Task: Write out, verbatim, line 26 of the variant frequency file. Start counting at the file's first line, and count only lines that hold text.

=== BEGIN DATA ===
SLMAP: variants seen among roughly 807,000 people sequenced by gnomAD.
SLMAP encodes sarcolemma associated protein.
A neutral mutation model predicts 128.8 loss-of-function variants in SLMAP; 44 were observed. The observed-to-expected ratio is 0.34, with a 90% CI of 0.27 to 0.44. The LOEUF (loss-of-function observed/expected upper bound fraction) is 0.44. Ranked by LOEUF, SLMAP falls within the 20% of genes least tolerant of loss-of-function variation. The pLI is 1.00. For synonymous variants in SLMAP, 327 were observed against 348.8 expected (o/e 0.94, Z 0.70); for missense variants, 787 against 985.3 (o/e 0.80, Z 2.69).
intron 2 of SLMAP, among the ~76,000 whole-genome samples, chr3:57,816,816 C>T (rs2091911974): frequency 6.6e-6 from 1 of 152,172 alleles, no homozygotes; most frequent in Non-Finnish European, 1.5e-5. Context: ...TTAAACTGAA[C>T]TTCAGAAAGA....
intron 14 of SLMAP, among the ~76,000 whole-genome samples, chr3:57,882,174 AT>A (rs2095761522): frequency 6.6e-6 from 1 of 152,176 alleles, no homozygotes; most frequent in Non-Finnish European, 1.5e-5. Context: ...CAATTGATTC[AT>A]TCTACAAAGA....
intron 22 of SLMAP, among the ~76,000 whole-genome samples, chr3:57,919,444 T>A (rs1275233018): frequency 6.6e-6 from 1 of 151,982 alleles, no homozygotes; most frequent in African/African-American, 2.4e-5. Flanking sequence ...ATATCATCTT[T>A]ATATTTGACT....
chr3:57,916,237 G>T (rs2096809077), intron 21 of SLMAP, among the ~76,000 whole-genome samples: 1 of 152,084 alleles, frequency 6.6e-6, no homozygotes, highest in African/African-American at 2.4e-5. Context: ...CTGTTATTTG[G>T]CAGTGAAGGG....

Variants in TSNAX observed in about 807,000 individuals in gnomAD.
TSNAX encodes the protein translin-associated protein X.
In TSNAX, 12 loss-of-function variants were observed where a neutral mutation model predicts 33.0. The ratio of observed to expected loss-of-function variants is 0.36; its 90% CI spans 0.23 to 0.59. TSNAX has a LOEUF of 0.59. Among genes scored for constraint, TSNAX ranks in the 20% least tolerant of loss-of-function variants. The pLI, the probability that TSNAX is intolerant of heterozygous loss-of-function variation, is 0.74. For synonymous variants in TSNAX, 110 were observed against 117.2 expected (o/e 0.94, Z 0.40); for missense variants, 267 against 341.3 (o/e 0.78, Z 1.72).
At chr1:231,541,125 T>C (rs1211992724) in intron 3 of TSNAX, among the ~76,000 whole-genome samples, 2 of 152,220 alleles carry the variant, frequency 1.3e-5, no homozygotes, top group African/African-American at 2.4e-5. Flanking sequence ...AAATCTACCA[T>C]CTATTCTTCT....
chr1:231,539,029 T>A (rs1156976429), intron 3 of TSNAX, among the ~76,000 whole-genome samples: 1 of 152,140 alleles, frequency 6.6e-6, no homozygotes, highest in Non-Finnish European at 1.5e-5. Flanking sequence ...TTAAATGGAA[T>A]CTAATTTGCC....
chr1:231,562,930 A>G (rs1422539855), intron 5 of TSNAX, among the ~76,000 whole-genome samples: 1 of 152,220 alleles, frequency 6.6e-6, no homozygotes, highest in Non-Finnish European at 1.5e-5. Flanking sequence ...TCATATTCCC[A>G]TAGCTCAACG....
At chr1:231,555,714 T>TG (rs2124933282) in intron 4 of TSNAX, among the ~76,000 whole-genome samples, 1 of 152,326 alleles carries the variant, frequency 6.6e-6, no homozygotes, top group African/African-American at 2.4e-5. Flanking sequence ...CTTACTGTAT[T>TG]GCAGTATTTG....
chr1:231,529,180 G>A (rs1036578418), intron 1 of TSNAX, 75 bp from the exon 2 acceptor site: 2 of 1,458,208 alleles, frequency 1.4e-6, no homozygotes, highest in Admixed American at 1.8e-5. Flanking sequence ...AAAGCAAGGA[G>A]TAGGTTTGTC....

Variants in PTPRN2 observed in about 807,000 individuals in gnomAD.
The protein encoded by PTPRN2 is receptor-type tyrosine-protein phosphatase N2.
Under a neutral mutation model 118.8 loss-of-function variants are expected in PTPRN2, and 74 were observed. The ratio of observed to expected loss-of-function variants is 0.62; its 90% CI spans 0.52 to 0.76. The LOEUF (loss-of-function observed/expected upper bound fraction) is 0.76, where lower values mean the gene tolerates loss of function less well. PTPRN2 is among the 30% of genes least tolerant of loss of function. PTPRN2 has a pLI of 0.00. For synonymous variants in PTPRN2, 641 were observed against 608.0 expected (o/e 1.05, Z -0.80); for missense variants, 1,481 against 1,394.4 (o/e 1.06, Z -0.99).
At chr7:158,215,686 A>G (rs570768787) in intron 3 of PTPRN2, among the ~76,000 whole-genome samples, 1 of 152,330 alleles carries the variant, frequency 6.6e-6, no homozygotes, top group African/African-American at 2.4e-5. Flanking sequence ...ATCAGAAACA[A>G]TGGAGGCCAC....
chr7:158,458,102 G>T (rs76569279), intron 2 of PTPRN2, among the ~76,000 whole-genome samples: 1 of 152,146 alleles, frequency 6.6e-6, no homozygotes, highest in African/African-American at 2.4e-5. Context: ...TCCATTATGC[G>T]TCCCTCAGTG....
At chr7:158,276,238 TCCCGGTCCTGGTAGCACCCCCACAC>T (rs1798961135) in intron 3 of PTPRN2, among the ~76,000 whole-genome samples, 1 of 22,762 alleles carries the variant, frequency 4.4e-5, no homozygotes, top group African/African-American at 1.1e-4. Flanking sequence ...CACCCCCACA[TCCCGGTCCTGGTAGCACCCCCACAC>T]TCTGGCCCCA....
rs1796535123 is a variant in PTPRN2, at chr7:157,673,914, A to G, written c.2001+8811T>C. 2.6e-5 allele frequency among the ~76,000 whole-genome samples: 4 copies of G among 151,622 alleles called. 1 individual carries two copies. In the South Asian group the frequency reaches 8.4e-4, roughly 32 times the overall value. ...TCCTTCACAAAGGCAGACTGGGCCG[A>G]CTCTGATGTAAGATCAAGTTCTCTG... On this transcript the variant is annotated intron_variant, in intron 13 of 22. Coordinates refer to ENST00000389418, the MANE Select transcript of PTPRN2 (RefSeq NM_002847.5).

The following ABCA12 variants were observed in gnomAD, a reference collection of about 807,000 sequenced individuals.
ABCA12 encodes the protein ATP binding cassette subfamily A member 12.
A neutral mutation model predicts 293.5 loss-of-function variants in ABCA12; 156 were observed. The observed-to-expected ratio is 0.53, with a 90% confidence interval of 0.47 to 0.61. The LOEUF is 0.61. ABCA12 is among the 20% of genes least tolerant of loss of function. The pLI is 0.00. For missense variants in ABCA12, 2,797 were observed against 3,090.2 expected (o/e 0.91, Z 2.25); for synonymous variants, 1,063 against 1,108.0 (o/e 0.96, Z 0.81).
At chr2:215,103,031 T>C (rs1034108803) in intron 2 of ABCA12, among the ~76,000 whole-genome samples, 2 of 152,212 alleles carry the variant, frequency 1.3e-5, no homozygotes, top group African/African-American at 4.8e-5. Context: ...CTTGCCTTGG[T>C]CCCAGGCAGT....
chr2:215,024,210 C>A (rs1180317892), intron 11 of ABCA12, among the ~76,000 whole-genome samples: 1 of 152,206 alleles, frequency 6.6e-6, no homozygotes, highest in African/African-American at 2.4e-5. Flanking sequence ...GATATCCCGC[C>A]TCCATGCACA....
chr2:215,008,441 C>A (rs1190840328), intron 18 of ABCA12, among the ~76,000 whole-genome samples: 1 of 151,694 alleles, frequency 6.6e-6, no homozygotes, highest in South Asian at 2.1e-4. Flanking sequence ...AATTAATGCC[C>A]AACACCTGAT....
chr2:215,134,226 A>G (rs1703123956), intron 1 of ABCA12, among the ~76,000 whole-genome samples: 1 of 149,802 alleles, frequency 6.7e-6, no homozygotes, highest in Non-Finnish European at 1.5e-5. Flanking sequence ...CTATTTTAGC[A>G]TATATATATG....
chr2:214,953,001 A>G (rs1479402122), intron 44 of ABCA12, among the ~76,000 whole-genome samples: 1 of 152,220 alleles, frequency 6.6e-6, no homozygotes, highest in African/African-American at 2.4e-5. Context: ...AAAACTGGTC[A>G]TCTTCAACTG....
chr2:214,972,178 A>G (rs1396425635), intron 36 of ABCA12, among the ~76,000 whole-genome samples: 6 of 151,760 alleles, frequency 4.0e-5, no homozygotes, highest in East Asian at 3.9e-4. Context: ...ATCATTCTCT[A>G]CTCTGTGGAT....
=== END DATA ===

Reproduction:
At chr2:215,103,031 T>C (rs1034108803) in intron 2 of ABCA12, among the ~76,000 whole-genome samples, 2 of 152,212 alleles carry the variant, frequency 1.3e-5, no homozygotes, top group African/African-American at 4.8e-5. Context: ...CTTGCCTTGG[T>C]CCCAGGCAGT....